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Monday, April 2, 2012

Richard Lovelace and the Cavalier Poets

Over at Hoydens and Firebrands  this week I am writing about the most romantic of the cavalier poets, Richard Lovelace.

Richard gave everything, including his life, to the King's cause. I wonder how different it would have been for him if there had been no war and he had lived out his days on his estates in Kent, scribbling turgid, romantic verse that would have long since been forgotten. Sadly he is remembered for the tragedy of his life that allowed him to pen these beautiful verses:


To Lucasta, Going To The Wars

Tell me not (Sweet) I am unkind,
That from the nunnery
Of thy chaste breast and quiet mind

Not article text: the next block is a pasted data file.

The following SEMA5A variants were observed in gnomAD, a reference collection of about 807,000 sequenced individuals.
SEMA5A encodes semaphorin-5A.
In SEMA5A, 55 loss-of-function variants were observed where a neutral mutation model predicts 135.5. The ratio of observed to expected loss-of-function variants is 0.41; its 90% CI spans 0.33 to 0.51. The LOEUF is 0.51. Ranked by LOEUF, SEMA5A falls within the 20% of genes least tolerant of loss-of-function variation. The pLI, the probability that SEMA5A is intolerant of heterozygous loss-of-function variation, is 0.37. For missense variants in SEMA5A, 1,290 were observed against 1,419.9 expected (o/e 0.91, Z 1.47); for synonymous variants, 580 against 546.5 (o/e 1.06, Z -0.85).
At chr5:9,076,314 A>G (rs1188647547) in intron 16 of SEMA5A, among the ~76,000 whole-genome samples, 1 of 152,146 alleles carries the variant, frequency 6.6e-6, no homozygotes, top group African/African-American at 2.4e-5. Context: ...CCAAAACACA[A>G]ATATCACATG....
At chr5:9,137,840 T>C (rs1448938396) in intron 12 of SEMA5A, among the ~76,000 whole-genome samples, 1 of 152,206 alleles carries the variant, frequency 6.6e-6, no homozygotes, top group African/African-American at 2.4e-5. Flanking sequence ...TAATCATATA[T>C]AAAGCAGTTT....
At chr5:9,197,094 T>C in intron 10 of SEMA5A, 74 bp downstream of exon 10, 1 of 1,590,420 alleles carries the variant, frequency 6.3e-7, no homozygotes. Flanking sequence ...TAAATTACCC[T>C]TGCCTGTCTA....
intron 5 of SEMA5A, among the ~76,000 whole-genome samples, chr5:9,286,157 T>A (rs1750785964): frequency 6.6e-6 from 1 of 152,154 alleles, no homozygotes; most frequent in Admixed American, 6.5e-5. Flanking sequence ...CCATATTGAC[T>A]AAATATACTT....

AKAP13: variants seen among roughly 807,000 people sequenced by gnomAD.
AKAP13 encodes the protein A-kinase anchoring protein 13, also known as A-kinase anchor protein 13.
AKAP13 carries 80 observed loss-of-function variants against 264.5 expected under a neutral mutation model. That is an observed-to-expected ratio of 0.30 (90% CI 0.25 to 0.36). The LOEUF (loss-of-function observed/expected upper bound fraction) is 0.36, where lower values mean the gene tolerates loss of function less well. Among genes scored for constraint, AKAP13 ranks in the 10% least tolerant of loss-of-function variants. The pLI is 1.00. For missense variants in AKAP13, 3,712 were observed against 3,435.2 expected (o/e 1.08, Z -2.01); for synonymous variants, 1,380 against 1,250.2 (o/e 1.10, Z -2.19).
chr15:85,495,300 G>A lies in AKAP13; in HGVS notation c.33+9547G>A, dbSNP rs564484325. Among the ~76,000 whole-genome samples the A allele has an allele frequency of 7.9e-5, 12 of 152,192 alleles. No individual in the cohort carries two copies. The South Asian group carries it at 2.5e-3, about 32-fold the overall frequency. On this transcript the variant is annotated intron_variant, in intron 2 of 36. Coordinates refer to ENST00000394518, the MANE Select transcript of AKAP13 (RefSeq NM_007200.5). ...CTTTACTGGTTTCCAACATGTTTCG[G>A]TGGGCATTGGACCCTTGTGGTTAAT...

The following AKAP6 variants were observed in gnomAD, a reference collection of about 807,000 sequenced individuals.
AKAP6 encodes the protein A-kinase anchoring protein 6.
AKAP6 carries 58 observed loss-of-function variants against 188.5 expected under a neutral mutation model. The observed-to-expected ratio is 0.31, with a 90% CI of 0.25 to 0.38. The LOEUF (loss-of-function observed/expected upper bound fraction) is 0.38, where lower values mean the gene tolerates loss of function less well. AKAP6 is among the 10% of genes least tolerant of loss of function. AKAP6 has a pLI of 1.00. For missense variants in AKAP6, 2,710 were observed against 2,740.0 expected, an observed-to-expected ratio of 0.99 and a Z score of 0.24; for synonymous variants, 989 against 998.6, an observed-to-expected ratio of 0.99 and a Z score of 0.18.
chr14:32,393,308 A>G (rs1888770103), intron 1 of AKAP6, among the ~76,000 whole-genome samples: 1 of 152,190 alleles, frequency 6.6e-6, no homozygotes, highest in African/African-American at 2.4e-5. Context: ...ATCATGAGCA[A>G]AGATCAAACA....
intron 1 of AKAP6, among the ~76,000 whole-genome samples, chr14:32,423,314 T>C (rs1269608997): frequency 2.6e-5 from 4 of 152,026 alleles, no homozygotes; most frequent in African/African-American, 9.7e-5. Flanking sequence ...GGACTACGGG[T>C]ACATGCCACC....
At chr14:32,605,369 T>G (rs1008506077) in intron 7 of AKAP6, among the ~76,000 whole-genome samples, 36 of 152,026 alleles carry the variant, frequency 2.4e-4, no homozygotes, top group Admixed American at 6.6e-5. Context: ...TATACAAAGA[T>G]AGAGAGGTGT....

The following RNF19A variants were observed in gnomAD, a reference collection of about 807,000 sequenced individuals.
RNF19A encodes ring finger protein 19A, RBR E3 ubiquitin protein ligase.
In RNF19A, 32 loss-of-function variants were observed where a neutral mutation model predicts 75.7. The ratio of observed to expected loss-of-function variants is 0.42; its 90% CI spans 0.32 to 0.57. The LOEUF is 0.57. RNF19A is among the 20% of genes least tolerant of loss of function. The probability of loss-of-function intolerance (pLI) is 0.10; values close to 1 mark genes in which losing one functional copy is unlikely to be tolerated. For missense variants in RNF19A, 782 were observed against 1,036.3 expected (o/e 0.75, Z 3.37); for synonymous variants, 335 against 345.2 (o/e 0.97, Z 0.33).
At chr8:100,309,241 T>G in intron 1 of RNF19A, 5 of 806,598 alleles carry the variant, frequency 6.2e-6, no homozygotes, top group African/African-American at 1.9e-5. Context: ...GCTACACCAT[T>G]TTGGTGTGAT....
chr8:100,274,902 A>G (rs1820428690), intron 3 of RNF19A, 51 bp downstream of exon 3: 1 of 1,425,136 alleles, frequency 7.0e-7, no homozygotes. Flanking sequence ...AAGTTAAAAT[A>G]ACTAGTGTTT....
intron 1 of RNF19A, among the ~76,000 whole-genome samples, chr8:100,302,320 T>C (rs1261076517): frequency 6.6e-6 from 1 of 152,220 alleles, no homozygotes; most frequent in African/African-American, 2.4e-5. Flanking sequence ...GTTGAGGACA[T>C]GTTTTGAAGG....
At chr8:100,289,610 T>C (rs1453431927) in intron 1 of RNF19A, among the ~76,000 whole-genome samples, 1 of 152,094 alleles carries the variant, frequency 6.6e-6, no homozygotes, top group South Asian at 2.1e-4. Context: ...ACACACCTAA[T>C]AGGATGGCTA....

To war and arms I fly.


True, a new mistress now I chase,

The first foe in the field;

And with a stronger faith embrace
A sword, a horse, a shield.



Yet this inconstancy is such

As you too shall adore;

I could not love thee (Dear) so much,
Lov'd I not Honour more. 

And this beautiful version of To Althea from Prison by Fairport Convention.

Post Script:  Elements of Richard Lovelace were written into the character of Kit's friend, Fitzjames, in The King's Man. 

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